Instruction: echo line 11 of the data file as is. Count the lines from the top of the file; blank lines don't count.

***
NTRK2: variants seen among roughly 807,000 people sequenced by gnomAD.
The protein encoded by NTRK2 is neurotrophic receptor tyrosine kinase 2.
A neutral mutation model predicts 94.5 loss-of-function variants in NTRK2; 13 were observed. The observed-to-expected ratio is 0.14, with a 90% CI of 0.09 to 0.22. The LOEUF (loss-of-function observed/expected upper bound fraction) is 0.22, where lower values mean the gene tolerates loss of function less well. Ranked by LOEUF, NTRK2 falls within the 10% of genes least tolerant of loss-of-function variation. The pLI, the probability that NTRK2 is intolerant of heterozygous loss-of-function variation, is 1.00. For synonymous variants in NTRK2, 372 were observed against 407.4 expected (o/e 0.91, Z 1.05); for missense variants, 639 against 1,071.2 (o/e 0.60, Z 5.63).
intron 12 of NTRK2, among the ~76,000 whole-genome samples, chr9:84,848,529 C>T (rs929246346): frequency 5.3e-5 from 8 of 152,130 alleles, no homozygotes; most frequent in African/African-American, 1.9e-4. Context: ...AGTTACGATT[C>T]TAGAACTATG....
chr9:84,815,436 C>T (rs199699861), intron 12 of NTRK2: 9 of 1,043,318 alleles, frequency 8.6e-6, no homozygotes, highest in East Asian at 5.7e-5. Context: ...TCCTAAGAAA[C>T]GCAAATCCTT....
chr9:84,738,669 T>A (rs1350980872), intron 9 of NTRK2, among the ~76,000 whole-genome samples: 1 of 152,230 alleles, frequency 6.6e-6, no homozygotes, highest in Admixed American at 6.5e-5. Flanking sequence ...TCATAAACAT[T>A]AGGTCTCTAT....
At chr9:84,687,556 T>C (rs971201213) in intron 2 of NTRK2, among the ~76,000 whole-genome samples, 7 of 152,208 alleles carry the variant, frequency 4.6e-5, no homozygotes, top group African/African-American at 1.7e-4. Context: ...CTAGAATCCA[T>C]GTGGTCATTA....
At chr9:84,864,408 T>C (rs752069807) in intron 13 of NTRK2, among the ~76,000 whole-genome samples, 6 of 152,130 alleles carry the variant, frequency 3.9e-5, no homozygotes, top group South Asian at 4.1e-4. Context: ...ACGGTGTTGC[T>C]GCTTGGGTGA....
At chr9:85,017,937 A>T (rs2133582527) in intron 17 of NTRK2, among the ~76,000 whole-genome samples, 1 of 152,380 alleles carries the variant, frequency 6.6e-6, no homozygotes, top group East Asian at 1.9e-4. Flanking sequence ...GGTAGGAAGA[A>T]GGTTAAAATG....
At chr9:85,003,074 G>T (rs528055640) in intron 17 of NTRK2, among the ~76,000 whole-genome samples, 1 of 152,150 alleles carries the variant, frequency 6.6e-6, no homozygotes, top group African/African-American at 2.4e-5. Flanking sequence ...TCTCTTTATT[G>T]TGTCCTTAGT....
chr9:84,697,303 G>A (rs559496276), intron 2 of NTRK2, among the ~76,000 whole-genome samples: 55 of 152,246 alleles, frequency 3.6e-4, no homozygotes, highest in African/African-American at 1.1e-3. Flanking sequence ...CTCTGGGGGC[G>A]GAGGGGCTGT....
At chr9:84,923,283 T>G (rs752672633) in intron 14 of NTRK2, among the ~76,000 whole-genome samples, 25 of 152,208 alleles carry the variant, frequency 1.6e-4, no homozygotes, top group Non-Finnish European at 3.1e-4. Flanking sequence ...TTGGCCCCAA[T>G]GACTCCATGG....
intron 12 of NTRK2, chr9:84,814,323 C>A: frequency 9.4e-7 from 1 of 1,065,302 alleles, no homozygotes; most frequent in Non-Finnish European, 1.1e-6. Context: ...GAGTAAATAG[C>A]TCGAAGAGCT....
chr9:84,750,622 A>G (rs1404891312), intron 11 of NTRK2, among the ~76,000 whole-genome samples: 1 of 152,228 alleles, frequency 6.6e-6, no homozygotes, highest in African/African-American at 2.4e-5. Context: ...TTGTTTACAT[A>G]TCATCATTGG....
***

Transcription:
chr9:84,697,303 G>A (rs559496276), intron 2 of NTRK2, among the ~76,000 whole-genome samples: 55 of 152,246 alleles, frequency 3.6e-4, no homozygotes, highest in African/African-American at 1.1e-3. Flanking sequence ...CTCTGGGGGC[G>A]GAGGGGCTGT....